The other day, the New York Times decided to recognize the Cubs' historic season with a throwback—a "classic" Chicago Tribune infographic from the last time they won the World Series.
Cubs graphic in Friday's NYT is a throwback to classic Chicago Tribune graphic from the early 1900s. So awesome. pic.twitter.com/2BGEoxSQEL
— Scott Klein (@kleinmatic) October 23, 2015
I hadn't known it was a classic, but I understand why—published over a century ago, it looks like something you'd see on the baseball statistics site Fangraphs today. And in my trips through the Trib archive, I came across other great infographics from the period, some sophisticated, some zany. (Scott Klein found another one of those as well.)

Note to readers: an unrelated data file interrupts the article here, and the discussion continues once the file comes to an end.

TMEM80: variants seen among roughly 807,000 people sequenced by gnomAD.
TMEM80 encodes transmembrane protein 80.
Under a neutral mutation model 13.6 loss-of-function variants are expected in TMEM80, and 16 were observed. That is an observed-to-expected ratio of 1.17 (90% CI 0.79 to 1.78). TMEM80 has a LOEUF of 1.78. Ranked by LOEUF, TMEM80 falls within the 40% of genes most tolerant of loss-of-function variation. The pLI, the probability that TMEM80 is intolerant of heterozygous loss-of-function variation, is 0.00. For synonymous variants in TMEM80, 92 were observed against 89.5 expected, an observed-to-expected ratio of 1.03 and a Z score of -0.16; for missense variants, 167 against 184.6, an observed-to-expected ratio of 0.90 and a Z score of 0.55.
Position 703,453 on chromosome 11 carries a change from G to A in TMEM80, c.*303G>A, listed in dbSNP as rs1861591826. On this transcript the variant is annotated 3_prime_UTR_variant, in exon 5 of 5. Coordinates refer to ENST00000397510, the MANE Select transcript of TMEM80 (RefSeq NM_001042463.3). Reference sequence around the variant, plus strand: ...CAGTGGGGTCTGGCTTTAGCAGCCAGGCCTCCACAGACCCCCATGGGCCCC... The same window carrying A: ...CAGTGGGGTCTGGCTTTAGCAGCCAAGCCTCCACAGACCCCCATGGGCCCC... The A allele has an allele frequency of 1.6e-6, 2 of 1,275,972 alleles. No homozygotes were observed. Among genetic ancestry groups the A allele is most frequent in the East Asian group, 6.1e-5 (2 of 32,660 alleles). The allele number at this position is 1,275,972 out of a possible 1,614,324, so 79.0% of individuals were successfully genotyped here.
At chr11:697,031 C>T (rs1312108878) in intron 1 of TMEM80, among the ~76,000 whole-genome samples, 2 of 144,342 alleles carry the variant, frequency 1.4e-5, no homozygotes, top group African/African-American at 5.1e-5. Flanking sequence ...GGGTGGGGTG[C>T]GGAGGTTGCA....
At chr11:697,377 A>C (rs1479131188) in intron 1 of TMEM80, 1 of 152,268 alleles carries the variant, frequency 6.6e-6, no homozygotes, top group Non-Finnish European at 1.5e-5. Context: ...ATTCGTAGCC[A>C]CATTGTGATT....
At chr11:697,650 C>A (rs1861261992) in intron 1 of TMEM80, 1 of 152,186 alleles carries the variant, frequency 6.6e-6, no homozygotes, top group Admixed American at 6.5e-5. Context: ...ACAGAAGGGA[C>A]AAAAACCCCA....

Prior to the invention of the 35mm camera in 1925, photos were of limited use to newspaper designers because of the technical constraints on photographers. So the Tribune relied heavily on illustrators. The most famous of them was the legendary John T. McCutcheon, whose "Injun Summer," published in 1907, is still among the most famous newspaper cartoons. With McCutcheon on staff, the Trib was more likely to run a cartoon on the front page than a photo. When Sundays called for more, and more elaborate, content, the newspaper relied on some remarkable infographics, like the one referenced by the New York Times. They could be charts; infotoons; complex technical cutaways of structures; or mapping in the style of the burgeoning practice of sociology. All were forward-thinking, towards an era where the vanguard in journalism is the presentation of data.